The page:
Second round of formaldehyde lawsuits brewing
Posted: 06/26/2012 at 1:15 am
By: Marilyn Odendahl
Ridgeland, Miss., attorney Tyler Kent confirmed he and other Gulf Coast lawyers are preparing a civil suit regarding FEMA trailers sold at auction by the U.S. General Services Administration. The plaintiffs are individuals who purchased the units second-hand but were not told the products were from the Federal Emergency Management Agency and are now suffering from a variety of medical ailments.
Kent did not give specifics about the planned court action, saying the law firms were still working on the document and would likely file a complaint in September or October. However, he said based on the extensive research the attorneys have done, they believe they have enough material to move forward and get a remedy for their clients.
He described the pending case as a significant lawsuit for the RV and manufactured housing industries.
In April, almost 24 RV manufacturers reached a $14.8 million settlement with the victims of hurricanes Katrina and Rita. These plaintiffs say they are suffering from a number of health issues because of the elevated levels of formaldehyde that were in the travel trailers and fifth wheels they were given as temporary housing following the devastating 2005 storms.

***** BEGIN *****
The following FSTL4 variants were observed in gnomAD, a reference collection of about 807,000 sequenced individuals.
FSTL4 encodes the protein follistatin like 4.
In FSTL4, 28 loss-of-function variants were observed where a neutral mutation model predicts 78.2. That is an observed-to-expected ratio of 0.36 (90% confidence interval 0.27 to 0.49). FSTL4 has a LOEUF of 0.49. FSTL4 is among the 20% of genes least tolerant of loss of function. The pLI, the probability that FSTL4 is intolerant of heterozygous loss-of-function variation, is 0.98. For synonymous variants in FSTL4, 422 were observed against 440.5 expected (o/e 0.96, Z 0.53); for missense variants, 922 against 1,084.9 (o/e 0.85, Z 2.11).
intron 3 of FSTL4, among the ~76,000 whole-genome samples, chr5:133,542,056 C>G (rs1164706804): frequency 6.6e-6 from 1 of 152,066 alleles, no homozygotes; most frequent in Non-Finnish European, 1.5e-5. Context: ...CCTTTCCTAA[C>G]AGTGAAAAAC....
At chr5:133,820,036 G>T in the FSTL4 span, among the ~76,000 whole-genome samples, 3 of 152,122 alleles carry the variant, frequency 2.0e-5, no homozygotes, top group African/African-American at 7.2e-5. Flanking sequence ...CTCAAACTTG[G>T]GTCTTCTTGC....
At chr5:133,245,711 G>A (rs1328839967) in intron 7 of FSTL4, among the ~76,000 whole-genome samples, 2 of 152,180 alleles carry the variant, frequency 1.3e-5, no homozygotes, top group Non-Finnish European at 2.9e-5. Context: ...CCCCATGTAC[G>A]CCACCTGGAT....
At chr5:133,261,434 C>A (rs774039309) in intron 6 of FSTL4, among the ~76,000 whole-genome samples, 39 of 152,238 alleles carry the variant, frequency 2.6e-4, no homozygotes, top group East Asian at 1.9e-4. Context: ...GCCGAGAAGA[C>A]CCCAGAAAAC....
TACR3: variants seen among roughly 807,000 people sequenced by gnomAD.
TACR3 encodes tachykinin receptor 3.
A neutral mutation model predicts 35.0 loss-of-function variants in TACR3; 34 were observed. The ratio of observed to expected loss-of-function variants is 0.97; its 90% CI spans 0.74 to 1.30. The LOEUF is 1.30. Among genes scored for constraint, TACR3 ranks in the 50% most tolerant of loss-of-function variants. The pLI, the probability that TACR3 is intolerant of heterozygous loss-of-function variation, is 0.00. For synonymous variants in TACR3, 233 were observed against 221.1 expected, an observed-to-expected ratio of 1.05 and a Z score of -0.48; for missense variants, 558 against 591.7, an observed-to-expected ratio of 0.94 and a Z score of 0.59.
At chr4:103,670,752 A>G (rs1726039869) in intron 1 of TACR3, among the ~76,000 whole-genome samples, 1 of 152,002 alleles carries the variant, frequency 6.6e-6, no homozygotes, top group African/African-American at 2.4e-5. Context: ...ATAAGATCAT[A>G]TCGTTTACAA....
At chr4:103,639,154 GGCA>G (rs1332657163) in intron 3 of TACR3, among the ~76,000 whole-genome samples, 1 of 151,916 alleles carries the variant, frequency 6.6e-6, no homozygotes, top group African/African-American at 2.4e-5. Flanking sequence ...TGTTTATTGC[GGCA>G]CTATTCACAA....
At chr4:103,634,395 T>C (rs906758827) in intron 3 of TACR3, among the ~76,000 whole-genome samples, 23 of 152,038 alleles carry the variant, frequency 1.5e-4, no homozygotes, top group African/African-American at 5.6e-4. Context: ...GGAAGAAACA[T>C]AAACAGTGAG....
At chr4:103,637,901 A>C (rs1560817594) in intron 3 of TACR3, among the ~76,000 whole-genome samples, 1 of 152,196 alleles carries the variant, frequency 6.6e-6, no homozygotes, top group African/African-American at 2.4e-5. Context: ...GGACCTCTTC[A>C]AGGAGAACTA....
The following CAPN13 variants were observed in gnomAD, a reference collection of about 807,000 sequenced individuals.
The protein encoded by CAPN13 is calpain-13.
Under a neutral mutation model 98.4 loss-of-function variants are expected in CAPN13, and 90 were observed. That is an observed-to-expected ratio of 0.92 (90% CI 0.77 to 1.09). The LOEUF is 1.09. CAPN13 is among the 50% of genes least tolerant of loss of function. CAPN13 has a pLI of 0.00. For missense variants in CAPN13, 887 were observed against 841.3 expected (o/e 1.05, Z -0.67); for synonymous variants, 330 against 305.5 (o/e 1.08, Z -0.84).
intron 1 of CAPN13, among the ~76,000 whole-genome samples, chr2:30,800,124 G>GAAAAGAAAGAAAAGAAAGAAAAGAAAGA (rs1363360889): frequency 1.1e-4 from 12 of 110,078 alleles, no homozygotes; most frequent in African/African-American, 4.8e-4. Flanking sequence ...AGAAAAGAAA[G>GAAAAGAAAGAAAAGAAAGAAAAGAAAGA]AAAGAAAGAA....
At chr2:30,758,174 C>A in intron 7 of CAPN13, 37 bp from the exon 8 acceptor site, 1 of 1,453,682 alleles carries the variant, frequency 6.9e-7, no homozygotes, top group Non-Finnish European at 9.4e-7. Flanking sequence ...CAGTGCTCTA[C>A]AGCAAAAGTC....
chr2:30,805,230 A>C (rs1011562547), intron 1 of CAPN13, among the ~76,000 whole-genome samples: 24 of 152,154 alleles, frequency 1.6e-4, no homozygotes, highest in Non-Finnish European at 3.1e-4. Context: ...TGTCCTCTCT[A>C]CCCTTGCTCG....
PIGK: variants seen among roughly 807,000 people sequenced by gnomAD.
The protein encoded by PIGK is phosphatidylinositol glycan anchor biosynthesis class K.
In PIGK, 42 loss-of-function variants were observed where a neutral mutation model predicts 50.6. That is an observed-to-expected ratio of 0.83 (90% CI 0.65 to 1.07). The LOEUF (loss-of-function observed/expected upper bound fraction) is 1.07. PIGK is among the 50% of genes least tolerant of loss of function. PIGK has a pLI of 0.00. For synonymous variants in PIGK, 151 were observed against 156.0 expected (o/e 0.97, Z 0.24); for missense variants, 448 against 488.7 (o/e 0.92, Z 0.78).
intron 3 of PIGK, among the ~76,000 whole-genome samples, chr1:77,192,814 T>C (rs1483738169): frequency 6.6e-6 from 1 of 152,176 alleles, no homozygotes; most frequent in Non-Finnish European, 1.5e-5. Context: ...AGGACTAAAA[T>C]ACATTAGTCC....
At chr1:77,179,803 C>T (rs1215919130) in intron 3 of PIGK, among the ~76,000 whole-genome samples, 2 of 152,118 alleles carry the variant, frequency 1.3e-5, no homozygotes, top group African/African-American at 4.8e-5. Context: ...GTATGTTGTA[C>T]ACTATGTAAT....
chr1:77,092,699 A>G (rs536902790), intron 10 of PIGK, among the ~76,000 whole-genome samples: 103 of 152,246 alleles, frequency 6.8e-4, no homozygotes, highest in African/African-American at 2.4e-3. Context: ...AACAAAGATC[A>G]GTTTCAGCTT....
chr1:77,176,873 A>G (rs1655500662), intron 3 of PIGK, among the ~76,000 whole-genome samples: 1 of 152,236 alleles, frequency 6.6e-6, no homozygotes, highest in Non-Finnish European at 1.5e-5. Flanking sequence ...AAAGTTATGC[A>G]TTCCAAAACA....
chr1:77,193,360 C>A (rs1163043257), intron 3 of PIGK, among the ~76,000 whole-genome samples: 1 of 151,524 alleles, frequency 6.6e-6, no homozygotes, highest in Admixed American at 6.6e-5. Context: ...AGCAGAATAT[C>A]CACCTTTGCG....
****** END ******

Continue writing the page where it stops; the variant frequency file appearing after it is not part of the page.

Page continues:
The U.S. District Court of Eastern Louisiana has scheduled a fairness hearing on the proposed agreement for late September.
During the early stages of the first formaldehyde lawsuits originating from the Gulf, the court found FEMA not liable and removed the agency from the litigation. Kent declined to specify who would be named as defendants in this second round of legal action but he hinted the federal government could be included.
He explained FEMA had immunity in the initial formaldehyde case because it was acting in an emergency. But, that immunity does not apply to this case because there was no ongoing crisis when the units were auctioned.
“We don’t know at this point exactly who we’re going to name,” Kent said. “Lot of potential defendants could be named.”
Jerome Loftus, former general counsel for the Recreation Vehicle Industry Association, compared holding the government accountable to chasing a rabbit but he noted in this case, the argument does have some merit.
“I know the government certainly bares a big responsibility that they didn’t take any steps to prevent it from happening,” Loftus said of the formaldehyde contamination. “Then they didn’t take any steps to prevent the proliferation of (the RVs).”
Kent said the attorneys are applying some lessons learned from the first Gulf Coast lawsuits but their case is not dependent on the prior one. Although he was not specific as to what those lessons were, he emphasized the legal team was being very careful in the preparation of the complaint.